I love pizza. I love it so much that sometimes my girlfriend gets jealous by the way I look at it. Pizza and I share such a huge amount of wonderful memories that I don’t even know where to begin with. It’s always there for me. Pizza helps me celebrate when I’m happy and gives me comfort when I’m sad. It fills my tummy when I’m hungry and satisfies my cravings when they come. Over the years, I’ve eaten many pizzas in different places. I would go so far as considering myself a true pizza expert, if not by education then definitely by experience.

In a sense, pizza is like coffee. The more you add, the more you distract the attention from the craftsmanship that goes into the making. That is why I drink my coffee black, no sugar, and eat my pizza in the simplest form it comes in: Margherita – dough, (canned) tomatoes, basil, and cheese. That is everything good pizza really needs.

Every Topping Has Its Right to Exist, Except …

That being said, I would never discriminate against anyone who makes changes from the classic pizza napoletana in terms of ingredients and preparation. Except when it comes to pineapple, but that’s an issue for another time.

Neapolitans prefer their pizza lightly charred with a chewy crust, Chicagoans dig the deep dish and the southern French like to put anchovies on it. Nothing wrong with that.

And since I like to talk about pizza and anchovies come in cans, this is the perfect occasion to present you with a recipe that I’ve discovered quite recently: Pissaladière – the French answer to the question “How can we replace most parts that make up a pizza with stuff we have lying around in our pantry and still have it taste good?”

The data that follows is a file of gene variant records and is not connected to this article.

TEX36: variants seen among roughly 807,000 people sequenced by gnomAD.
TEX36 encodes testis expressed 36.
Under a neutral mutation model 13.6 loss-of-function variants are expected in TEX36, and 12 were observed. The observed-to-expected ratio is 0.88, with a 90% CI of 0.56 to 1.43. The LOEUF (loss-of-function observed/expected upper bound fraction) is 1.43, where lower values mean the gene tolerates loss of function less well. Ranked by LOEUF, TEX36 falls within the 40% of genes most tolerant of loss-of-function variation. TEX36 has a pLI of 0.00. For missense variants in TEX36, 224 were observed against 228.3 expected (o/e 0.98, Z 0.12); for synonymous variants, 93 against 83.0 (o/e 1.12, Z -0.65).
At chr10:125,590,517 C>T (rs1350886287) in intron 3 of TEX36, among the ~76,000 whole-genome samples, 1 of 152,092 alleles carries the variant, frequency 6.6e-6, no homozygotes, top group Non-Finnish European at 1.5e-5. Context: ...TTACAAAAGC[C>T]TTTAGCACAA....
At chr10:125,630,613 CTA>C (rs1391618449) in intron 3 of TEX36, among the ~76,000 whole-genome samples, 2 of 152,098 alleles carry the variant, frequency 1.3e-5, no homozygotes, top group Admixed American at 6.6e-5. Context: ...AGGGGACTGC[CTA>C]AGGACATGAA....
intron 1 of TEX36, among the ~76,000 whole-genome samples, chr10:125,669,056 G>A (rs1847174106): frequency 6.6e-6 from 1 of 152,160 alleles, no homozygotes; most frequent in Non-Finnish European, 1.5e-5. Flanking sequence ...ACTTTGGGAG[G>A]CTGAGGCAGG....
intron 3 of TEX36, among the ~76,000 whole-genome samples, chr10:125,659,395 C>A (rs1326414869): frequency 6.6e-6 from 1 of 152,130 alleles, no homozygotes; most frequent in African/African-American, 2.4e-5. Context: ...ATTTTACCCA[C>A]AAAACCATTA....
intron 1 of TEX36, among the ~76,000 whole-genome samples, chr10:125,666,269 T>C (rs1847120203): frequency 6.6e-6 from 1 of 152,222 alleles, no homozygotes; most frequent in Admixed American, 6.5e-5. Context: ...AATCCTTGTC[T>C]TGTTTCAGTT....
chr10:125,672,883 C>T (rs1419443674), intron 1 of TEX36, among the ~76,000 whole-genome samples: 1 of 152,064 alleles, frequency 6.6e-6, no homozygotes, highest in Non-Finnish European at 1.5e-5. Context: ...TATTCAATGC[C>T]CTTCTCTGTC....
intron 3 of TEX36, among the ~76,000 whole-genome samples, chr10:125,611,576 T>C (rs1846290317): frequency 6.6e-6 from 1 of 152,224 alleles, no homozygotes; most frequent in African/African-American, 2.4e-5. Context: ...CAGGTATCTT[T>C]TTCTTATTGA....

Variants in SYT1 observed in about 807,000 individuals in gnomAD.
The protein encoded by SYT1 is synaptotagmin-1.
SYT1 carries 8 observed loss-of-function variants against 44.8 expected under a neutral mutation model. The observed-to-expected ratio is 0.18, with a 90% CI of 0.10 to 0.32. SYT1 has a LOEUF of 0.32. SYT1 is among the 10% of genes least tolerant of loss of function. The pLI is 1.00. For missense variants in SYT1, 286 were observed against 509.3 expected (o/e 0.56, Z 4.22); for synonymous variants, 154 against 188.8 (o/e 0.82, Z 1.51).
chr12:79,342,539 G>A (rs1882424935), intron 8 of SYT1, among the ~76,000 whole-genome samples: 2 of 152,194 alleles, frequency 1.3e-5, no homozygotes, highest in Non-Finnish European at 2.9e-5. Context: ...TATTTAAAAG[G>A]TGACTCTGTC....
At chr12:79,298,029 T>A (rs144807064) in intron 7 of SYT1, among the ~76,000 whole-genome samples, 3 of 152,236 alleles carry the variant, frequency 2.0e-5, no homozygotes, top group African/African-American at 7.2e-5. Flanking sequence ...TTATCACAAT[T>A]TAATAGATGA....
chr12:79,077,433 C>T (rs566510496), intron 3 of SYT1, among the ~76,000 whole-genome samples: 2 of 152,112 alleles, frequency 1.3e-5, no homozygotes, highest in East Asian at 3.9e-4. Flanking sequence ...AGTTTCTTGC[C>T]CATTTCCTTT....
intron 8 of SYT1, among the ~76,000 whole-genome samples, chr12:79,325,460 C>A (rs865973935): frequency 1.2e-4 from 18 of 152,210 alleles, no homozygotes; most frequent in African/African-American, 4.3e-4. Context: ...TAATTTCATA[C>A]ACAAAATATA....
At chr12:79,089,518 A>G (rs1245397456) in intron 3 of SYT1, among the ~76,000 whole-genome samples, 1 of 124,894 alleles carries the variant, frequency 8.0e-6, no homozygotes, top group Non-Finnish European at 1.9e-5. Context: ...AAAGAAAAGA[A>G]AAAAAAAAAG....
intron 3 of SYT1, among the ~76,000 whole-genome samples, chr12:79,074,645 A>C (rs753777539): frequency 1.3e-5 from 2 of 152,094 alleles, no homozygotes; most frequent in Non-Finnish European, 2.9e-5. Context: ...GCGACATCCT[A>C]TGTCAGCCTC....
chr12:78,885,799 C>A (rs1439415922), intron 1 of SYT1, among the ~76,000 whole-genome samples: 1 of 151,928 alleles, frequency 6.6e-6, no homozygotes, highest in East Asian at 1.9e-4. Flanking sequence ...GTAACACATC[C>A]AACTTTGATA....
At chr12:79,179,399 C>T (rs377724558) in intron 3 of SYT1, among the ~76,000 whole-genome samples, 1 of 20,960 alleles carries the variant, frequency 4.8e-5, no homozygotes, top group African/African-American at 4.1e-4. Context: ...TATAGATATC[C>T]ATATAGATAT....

What You Need for a Delicious Pissaladière Serving 4

For the dough

  • 2 tsps. active dry yeast
  • 1 cup warm water
  • 2 tbsps. olive oil
  • 3 cups flour
  • 1 tsp. salt
  • Cornmeal

For the toppings

  • 1/4 cup olive oil
  • 2 tbsps. butter
  • 12 onions peeled and very thinly sliced
  • Salt and pepper to taste
  • 2 sprigs each of thyme, basil, oregano, rosemary
  • Canned olives, pitted
  • Canned anchovies

Let’s Do This

  1. Mix the yeast in a bowl of warm water and let sit for about 5 minutes. Combine with all other dough ingredients and knead for 15 minutes until the dough is super smooth. Place in a bowl and let it rest for about an hour or until doubled in size.
  2. While the dough is resting, put a pan on really low heat, let the butter melt, combine with the olive oil and place the onions inside. Season with a salt and pepper. You’ll want to fully caramelise the onions so that they’ll taste really sweet. This process can take up to an hour. If your onions aren’t sweet enough to caramelise the way you want them to, add a bit of icing sugar to the pan.
  3. Preheat the oven to 190° Celsius. Stretch out the dough into a rectangular shape and let it rest for additional 10 minutes, covered with a damp kitchen towel. Put on a thick layer of onions (i.e. all of the onions you have). Open a can of delicious anchovies and one containing black olives. Top your pissaladière with both to your liking and garnish it liberally with fresh thyme, basil, oregano, and rosemary.
  4. Bake the pissaladière for about 15 minutes or until the crust reaches your desired colour. Put it on a rack and let it cool a bit for the authentic experience or dig in immediately if you’re as impatient as I am and have no problem burning your mouth. 😉


Try this recipe and let me know if you like it! I’m really looking forward to your feedback.

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